How are prices determined in a market

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  • Created on: 09-04-13 13:01
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Prices are entirely dependant on supply and demand, the factors of each, price elasticity of demand
and the processes of production. Supply has a proportionate effect on price: as quantity rises, so
does the price of the good. Demand is exactly the opposite: as demand rises for a good, the price
falls. These are the 2 basic laws of demand and supply, and begin to determine prices within a
market. There are some goods however that are exempt from these laws, called luxury goods. They
can vary in price completely independently of supply or demand. But supply and demand laws are
only accurate after a company has considered price elasticity of demand and cost of production.
The cost of production is always passed on to the consumer with a slight increase to earn the
manufacturer a profit. This is the profit margin. Technology giant Apple has a huge mark-up on all
their products, which is passed on to the consumer. It costs them $180 to make an iPhone, yet they
sell it for $500+, generating colossal profits. Oil companies do the same as oil becomes scarcer and
more difficult to withdraw from the ground: the cost of drilling that extra metre under the sea bed
can be seen in the price of modern day petrol compared to petrol prices of the 1990s. Apple
however can charge those sorts of prices due to the inelasticity of all their products and consumer
brand loyalty; whereas oil companies must charge those sorts of prices to create a profit whilst
covering their costs. So prices in a market are determined through the process of production
including the materials and methods used, and the desirable profit margins of the companies.
Price elasticity of demand basically determines optimal profit margins. It forecasts the impact
changing the price would have on the demand for a good. Elastic is highly sensitive, inelastic isn't.
Unitary is completely proportionate, perfectly inelastic is unresponsive to a price change and
perfectly elastic changes demand when the price is altered. Other things are key features to these
forecasts: brand loyalty
usually attracts inelasticity
of some degree, as do
necessary goods.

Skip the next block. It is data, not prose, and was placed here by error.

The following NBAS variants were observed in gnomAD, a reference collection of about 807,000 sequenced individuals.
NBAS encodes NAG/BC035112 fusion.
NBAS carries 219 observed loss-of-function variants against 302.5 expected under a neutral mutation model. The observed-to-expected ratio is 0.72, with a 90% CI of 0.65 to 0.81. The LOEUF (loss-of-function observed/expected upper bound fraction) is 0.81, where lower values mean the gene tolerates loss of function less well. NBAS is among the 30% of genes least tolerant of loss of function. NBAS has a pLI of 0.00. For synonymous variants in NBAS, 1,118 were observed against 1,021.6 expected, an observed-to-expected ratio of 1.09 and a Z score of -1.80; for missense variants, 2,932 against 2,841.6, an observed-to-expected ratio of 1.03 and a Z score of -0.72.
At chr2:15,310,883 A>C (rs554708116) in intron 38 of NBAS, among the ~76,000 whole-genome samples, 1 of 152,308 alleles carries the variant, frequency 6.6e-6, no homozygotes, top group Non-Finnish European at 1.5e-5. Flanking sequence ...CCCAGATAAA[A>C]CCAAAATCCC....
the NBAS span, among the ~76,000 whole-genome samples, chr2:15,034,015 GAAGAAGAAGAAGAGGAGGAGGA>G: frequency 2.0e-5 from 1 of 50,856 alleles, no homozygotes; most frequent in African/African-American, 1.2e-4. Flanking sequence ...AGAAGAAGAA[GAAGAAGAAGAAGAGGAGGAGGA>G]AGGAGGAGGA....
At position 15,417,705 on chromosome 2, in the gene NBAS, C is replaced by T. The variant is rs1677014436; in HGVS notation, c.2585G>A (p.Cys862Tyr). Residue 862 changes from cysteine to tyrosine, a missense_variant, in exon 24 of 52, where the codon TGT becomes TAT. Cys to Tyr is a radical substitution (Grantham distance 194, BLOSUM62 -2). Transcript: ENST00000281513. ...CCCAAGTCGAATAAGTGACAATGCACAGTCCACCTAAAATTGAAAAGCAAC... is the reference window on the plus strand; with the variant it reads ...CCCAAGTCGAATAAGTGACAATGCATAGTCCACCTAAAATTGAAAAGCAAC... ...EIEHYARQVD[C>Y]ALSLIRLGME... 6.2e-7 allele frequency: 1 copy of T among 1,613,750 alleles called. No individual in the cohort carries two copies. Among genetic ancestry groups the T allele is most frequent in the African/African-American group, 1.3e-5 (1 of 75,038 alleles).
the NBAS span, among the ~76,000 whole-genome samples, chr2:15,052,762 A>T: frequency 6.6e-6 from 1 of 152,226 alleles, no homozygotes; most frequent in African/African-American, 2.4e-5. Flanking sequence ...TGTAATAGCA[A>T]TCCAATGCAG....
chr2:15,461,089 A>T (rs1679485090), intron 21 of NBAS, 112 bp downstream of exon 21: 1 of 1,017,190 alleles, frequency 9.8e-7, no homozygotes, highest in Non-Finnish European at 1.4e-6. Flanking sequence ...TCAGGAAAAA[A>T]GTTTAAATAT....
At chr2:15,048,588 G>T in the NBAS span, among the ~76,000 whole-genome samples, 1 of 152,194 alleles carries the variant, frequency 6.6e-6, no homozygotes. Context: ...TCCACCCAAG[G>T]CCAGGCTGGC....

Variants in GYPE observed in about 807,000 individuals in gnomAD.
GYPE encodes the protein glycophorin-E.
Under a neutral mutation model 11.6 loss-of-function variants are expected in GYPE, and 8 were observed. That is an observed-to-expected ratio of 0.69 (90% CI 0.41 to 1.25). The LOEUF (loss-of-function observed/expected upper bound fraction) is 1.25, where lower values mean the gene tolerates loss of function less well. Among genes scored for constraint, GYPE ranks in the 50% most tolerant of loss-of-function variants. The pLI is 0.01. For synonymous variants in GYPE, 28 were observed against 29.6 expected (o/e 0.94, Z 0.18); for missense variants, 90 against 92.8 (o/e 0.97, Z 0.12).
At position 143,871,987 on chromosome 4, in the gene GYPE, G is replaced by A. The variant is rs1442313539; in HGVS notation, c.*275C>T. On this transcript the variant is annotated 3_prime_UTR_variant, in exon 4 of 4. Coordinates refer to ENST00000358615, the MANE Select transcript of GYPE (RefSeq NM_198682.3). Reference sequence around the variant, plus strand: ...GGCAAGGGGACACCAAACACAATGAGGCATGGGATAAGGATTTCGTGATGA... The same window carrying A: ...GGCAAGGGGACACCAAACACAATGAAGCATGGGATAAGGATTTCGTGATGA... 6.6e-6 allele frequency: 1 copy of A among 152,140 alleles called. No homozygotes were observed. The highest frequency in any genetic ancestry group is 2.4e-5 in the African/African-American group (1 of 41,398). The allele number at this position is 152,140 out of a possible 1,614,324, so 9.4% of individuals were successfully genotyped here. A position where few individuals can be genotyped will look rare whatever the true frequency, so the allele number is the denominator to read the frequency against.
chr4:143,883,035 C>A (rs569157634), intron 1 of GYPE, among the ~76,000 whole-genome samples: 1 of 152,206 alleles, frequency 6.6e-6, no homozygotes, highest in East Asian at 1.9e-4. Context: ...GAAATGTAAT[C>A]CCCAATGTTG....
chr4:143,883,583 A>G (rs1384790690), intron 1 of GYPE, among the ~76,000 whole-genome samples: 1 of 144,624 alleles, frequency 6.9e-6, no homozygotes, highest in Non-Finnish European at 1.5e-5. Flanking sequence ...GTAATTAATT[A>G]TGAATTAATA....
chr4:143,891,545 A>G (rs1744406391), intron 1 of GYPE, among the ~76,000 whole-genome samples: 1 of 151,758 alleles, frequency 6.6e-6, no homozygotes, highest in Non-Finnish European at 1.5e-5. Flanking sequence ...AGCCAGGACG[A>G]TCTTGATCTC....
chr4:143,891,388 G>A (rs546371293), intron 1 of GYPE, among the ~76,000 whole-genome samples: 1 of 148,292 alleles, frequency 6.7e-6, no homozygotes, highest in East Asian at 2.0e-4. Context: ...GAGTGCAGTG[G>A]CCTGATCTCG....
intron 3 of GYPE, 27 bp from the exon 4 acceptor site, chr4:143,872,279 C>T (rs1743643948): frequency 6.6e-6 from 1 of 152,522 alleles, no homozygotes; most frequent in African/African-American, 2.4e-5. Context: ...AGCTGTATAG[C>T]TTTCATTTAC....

Occasional and slightly
luxurious goods tend to be
more elastic than anything.
Cross price elasticity of
demand furthers from this
by measuring the change in
demand for one good
following a price change in another good. These good tend to be compliments, cars and petrol, or
substitutes, PlayStation and XBOX. If the price of one good rockets, demand for the other good will
either go down or up, depending if it's a substitute or a compliment respectively. Therefore,
valuable information about the pricing and demand of other goods can help companies price theirs
accurately, especially when paired with an elasticity of demand graph.
The biggest thing affecting prices at market are simply demand and supply. But many things affect
demand and supply too. Firstly, all these contributors have to be considered under Ceteris Paribas.
Things affecting demand are as follow: price of other products, which ties into substitutes and
compliments; number and therefore a `title of exclusivity'; advertising; current fashion and trends;
income, normal goods demand rises as income rises whilst inferior goods demand falls. This can be

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Supply is affected by the following: environmental
conditions; development costs, lower costs mean there can be more supplied for the same price,
shifting the supply curve to the right; technology, allowing for more efficient and productive supply;
total amount of suppliers, this links in with compliments and substitutes.
Evan Davis wrote for the BBC about how market prices are determined. He said "...In this world,
companies will also be reluctant to raise prices because their competitors might not follow.…read more


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The Price Mechanism moves market equilibrium resulting in new prices

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